Opening Saturday, September 17th, from 13 October 2016 - 8PM
On view through Sunday, December 11th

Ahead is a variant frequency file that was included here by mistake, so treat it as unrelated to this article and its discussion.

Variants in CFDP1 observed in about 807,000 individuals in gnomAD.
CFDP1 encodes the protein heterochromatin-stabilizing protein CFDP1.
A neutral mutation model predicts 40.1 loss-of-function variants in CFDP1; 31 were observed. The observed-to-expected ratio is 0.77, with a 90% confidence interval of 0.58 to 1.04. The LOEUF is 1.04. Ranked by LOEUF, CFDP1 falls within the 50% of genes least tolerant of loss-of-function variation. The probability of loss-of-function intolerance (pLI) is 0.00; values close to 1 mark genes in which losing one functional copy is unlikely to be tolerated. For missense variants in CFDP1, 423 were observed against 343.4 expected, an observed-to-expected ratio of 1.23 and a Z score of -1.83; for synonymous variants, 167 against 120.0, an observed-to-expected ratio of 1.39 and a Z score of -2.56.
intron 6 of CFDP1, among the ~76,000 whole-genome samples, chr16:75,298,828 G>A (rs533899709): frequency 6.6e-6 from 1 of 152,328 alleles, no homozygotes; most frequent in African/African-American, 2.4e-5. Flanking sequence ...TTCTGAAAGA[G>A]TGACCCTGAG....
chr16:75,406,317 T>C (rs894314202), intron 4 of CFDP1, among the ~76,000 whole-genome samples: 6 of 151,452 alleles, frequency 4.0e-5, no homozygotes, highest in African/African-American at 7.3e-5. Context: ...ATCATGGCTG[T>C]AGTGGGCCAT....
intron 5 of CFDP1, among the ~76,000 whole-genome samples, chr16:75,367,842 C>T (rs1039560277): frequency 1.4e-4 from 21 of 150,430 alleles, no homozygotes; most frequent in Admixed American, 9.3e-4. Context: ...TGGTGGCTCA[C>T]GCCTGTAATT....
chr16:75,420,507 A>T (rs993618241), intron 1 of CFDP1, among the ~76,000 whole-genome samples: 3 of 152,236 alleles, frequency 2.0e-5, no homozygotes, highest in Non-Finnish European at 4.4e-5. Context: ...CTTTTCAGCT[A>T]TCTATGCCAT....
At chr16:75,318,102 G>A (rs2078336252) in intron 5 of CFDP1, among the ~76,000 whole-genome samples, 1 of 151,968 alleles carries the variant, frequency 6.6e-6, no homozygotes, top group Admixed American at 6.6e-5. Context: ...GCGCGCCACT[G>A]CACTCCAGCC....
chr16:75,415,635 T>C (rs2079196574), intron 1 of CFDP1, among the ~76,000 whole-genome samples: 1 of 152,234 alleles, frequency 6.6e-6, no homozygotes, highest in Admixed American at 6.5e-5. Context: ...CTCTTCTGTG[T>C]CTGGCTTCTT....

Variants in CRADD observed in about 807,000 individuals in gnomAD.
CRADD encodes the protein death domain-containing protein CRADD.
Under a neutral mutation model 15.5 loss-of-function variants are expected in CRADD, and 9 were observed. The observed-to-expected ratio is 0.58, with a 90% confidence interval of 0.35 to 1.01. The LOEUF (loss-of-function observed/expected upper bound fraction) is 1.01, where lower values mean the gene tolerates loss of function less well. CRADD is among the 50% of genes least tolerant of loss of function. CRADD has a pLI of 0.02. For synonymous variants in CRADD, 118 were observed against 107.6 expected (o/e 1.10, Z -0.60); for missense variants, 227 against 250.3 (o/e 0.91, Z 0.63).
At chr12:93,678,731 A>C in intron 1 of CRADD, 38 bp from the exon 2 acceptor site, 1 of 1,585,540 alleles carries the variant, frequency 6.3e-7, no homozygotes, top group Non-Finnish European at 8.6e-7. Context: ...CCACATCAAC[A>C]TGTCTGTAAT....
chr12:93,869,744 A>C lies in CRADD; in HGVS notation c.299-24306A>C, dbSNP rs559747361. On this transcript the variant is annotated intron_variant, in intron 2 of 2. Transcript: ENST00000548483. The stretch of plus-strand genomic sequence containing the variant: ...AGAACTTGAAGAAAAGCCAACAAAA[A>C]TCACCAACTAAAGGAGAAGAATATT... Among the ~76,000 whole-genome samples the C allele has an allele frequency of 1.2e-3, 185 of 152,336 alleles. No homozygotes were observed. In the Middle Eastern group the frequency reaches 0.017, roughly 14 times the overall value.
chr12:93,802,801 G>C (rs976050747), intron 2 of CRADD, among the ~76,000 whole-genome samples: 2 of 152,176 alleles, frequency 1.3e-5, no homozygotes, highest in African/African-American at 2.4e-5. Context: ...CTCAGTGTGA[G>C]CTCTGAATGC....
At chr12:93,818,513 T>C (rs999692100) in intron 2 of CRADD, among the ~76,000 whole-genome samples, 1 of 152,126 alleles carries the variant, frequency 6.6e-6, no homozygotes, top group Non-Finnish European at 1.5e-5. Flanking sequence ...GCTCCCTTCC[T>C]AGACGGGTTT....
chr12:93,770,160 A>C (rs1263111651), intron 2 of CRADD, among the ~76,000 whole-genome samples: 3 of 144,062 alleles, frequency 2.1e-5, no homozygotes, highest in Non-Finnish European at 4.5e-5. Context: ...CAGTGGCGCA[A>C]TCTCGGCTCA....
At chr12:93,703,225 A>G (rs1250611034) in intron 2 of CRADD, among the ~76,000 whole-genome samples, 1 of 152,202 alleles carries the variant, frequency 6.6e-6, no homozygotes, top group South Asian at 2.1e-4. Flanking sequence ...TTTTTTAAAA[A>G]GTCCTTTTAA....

During much of the 20th century, death was a private and comparatively silent event. However, during the HIV/AIDS crisis in the 1980s and 90s, a politicized resurgence of highly visible and public acts of mourning emphasized the body ravaged by the virus. In some ways, these practices paralleled the public and material mourning practices of the nineteenth century. By juxtaposing objects and artworks related to mourning from the Victorian Era—intricately woven hairworks and ornate brooches kept as bodily relics of the deceased—and during the AIDS crisis, Keep the Shadow examines two analogous cultures of bereavement. The exhibition proposes that these historical periods uniquely relied on the materiality of the individual body, and items associated with it, as relics in order to grapple with mortality and persevere in the face of death. With work by, Eric Avery, David Grieger, Robert Mapplethorpe, Richard Mock, Domingo Orejudos, Leonard Rifas, Andres Serrano, Félix González-Torres. This program was curated by 2015-16 Block Museum Graduate Fellow, C.C. McKee.